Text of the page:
Results001Some surprises here.  The Humpback Whale is one of my favorites, and even though a few people agree with me, most do not.  But for this survey, I would have included it in my print run for the booth.  Many people did say in their comments that it was tough to choose and that they had a hard time ranking them because they liked them all.  While I can understand that, and appreciate the compliment, the ranking was very clear for the first five, not so much for the last five.  The Bighorn Sheep could have easily been shown instead of the Penguin as they were neck and neck.   But I chose the Penguin because the venue will be in Calgary and with the addition of the penguins at the zoo last year, it’s a safe bet some will buy it based solely on where it’s being sold.

The Wolf Totem has long been a favorite among people who like my work.  It’s a big seller and very popular.  But it was done over two years ago and I’m pleased to see that my two most recent pieces are in the Top 3.  Thankfully, it would appear my best work isn’t behind me, something many artists fear.

Matted prints and cost.  78% of people would prefer a matted print to an unmatted one and 73% said cost didn’t affect that decision.  That was very revealing, however the people who follow me online aren’t necessarily the same demographic as those who will be shopping at the Expo.  A lot of people go to the Expo to buy inexpensive prints and even at a reduced price of $30.00, it will be too much money for some, when they could buy two or three prints for the same amount of money, which means more art from different artists.  If this were a Christmas trade show with an older crowd, I would go entirely matted at regular price with a lot of canvas as well, but at this venue, I’ll be doing a mix of matted and unmatted prints.  But this was very helpful in helping me decide the balance.

The majority of people were interested in a discount on buying two prints, rather then three or four.

Results002When it comes to the T-shirts available from The Mountain, the Wolf was the clear winner, the Ground Squirrel second, but it was an even balance between the other three.  If I do decide to include T-shirts in my inventory, and that’s still undecided, it is obvious that I should include all five.  The large majority of respondents would buy one for themselves or somebody else.  One commenter suggested that she still liked the T-shirts, but wouldn’t buy one because her family just doesn’t wear shirts with designs on them.  Personally, neither do I, so I was curious to see how many thought the same.  Selling T-shirts as well as prints might be a little too much this year as it would require a lot of inventory in different sizes and might make for a very crowded booth.  This first year, I might just stick with prints and have one of each design on hand to let people know that they’re available online from The Mountain.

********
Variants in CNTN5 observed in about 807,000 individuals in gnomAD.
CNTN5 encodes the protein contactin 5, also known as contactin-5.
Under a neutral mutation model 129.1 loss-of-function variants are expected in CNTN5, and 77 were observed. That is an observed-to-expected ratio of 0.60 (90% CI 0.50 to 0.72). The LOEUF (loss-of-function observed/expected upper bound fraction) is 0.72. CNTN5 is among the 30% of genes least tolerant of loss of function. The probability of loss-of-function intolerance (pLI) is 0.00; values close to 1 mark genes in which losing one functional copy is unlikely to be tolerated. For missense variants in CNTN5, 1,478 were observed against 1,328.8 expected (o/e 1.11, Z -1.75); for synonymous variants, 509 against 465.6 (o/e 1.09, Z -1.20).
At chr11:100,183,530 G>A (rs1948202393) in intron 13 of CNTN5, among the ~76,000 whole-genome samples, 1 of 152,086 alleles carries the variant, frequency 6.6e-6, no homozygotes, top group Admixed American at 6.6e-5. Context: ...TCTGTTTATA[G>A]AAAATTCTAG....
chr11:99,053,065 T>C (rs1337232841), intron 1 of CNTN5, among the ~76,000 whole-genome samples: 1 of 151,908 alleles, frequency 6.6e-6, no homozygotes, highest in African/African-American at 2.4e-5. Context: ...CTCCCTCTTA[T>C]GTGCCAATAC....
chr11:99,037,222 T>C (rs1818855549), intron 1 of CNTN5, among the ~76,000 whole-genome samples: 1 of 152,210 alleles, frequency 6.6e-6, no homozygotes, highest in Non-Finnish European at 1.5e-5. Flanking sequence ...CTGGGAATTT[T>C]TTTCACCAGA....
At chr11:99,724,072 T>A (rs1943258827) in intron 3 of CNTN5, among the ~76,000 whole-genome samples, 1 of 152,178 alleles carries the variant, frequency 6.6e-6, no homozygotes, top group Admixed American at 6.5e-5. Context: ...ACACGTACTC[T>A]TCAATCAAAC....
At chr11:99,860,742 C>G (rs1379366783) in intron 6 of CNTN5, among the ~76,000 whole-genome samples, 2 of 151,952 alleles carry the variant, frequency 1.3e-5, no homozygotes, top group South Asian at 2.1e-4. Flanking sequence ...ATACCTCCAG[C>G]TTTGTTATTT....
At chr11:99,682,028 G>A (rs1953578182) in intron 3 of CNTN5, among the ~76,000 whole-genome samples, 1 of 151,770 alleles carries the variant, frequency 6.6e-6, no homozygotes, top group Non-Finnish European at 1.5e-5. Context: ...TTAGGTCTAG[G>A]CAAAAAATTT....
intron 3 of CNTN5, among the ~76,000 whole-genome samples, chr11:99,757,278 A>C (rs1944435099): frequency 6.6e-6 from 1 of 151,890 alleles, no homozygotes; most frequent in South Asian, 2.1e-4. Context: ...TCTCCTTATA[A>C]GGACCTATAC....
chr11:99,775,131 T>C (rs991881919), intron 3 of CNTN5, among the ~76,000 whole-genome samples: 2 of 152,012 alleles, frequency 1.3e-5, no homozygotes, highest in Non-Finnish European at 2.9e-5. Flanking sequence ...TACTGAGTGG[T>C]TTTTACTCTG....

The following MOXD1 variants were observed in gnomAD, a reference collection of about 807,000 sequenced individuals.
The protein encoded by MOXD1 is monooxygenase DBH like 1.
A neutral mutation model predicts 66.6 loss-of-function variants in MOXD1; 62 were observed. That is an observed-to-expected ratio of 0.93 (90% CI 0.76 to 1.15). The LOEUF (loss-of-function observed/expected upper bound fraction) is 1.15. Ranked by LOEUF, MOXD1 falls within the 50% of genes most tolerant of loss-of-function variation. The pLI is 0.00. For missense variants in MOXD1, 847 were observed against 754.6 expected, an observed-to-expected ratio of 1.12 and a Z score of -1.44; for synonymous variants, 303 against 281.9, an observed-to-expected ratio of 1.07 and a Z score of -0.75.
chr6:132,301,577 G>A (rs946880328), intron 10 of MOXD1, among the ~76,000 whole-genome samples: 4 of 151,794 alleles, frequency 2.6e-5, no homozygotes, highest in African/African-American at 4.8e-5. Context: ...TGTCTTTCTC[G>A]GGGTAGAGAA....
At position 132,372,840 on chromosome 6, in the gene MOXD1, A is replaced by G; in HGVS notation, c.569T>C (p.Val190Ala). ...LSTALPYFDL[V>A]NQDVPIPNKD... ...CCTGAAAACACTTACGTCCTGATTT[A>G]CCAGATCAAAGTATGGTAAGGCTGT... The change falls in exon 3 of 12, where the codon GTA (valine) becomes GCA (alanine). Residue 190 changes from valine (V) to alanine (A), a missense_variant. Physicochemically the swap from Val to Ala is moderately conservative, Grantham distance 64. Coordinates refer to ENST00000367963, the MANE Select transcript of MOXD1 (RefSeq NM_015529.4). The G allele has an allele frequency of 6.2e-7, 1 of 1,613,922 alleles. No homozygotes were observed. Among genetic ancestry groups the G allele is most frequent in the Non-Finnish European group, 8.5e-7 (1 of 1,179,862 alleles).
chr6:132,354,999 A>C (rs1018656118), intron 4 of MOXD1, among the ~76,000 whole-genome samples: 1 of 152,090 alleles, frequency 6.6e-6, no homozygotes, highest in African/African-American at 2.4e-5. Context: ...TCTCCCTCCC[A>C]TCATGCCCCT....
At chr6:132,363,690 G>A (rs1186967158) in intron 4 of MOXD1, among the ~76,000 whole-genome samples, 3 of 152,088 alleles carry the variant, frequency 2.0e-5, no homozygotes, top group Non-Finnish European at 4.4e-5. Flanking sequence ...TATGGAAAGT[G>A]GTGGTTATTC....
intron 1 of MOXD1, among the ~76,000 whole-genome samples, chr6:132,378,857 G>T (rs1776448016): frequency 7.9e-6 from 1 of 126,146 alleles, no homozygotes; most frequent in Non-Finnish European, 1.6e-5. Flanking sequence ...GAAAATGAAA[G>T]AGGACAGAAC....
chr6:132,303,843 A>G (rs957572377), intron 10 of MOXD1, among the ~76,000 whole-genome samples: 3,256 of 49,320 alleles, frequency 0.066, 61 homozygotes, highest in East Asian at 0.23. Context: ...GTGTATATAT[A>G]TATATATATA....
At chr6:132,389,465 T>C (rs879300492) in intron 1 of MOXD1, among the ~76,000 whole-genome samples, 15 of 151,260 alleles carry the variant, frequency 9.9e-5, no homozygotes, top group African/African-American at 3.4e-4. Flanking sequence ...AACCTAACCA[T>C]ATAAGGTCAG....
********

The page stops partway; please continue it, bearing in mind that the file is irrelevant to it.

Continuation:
Finally, more than half of the respondents left comments, which I found very valuable.  Many were complimentary of my work, which I appreciated.  Others told me that ranking the Totems was very difficult and a couple even seemed to worry that they were hurting my feelings by doing so, telling me I shouldn’t think they hated the last one they picked.  No worries, I’ve got thick skin.  Still, others were just very nice words of encouragement and nobody gets tired of hearing those, so thanks for that.  Some suggested that other animals should be on T-shirts.  As they are licensed and not produced by me, it’s actually up to The Mountain which ones end up on T-shirts.  So while these five are the only ones at the moment, who knows what the future will hold?